AUBURN — While pleading guilty to first-degree burglary Thursday in Cayuga County Court, Leslie McLeod had one request for the judge: more time on post-release supervision.
The 44-year-old had agreed to admit to the class B felony in exchange for six years in prison and five years post-release supervision. But for the first time in Judge Thomas Leone's career, a defendant asked for additional supervision upon his release from prison.
McLeod, of 9 John St. Apt. 1, said he hoped to extend his supervision period from five to years to 10 to help him stay on top of his mental health.
In court Thursday, McLeod claimed he suffered from a hallucination on April 28, which led him to a dwelling on Clark Street Road in the town of Aurelius. When he arrived at the home, he said, he kicked in a window and threatened the resident with a knife.
"I went in with the purpose of threatening this individual," he said, noting that he knew what he was doing when he broke in.
McLeod could have faced up to 25 years in prison for the crime; however, the Cayuga County District Attorney's Office extended an offer of six years in prison and five years post-release supervision. Unfortunately, Leone said, the maximum post-release supervision he could impose was five years, meaning he could not increase the term at McLeod's request.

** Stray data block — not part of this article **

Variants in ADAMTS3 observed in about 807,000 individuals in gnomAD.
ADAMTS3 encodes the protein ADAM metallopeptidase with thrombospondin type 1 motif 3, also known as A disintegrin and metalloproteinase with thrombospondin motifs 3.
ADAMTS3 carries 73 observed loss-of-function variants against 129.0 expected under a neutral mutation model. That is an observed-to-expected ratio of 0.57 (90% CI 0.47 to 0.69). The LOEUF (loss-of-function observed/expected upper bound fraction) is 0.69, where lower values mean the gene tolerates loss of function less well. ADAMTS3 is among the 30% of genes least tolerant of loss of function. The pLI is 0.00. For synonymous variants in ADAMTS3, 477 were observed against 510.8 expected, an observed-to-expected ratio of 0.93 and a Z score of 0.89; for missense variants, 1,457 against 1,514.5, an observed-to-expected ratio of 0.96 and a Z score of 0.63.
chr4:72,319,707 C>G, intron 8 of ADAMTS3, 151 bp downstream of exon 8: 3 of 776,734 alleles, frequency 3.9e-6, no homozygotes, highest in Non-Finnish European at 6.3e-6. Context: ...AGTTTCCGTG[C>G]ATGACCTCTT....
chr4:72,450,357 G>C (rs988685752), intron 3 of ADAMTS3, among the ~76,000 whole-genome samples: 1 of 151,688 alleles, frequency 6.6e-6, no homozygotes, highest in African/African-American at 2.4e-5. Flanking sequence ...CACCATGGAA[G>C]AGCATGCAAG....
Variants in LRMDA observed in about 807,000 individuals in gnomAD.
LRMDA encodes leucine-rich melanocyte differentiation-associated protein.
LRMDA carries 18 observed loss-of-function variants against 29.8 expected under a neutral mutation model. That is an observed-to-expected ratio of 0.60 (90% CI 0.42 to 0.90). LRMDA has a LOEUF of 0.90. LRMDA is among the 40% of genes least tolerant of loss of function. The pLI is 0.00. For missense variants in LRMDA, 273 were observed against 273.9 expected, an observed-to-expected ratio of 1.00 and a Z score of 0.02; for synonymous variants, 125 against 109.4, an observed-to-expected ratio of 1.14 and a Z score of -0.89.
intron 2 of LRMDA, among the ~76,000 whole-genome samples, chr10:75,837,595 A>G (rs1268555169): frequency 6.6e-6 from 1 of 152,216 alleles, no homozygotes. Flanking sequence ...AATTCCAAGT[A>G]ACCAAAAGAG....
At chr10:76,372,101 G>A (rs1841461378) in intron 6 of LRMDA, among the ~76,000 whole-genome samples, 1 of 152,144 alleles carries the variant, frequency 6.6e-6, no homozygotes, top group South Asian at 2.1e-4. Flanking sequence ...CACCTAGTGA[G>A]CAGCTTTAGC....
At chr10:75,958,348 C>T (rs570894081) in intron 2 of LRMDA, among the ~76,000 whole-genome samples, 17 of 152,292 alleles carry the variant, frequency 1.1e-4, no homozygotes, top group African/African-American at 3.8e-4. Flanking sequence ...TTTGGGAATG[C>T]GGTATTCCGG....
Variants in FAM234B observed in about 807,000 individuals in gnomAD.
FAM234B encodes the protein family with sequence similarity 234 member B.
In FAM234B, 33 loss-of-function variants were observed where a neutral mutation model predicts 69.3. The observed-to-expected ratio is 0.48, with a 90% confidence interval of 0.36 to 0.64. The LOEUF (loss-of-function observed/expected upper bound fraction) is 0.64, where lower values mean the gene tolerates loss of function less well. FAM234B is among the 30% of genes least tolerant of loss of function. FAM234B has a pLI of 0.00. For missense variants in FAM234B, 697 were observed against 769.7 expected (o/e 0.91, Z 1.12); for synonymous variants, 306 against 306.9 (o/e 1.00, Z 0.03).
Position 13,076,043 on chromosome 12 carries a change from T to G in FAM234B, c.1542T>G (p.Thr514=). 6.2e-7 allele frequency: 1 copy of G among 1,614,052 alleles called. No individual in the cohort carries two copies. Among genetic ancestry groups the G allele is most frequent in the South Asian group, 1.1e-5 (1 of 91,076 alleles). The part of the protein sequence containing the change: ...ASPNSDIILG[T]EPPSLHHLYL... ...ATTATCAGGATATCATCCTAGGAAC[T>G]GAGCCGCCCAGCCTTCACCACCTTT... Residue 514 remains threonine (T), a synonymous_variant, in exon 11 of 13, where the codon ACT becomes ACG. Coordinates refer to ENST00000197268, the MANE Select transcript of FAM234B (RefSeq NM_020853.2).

McLeod was remanded to Cayuga County Jail without bail. His sentencing was scheduled for Sept. 13.
Also in court
• A 23-year-old man will serve additional time in prison for assaulting an inmate at Auburn Correctional Facility last fall.
Thursday morning, Shaquan Graham pleaded guilty to first-degree promoting prison contraband and second-degree assault, both class D felonies. During his plea, he admitted to possessing a razor on Oct. 2, which he used to attack a fellow inmate at Auburn prison.
Cayuga County District Attorney Jon Budelmann said Graham used the razor to inflict a 4-inch wound on another inmate's face. He said the victim had been sitting down watching television when he was attacked from behind.
Graham was initially sentenced to 10 years in prison in June 2017 for second-degree criminal possession of a weapon in Onondaga County. He could face an additional seven years in prison for the assault, but will likely receive a total of fives years in prison and five years post-release supervision to run consecutively to his current term.
Following the attack at ACF, Graham was transferred to Orleans Correctional Facility. He will remain in custody there pending sentencing Sept. 20.
• An Auburn man was sentenced to six years in prison Thursday for possessing crack cocaine with the intent to sell.
Earlier this year, Antonio Pesante, 52, of 4 Derby Ave., pleaded guilty to third-degree criminal possession of a controlled substance, a class B felony. At the time, he admitted to possessing 8.2 grams of crack cocaine, which he intended to sell in the community.
At first, the district attorney said Pesante was "remarkably candid" with police and he was impressed with his honesty in the investigation. However, Budelmann said Pesante recently appeared to step back from his initial statements, claiming he possessed the drugs for personal use.
According to Budelmann, Pesante was arrested in March when police found some cocaine in the center console of his car. Then, while held at the Cayuga County jail, Pesante reportedly passed several balls of cocaine, which he had previously ingested.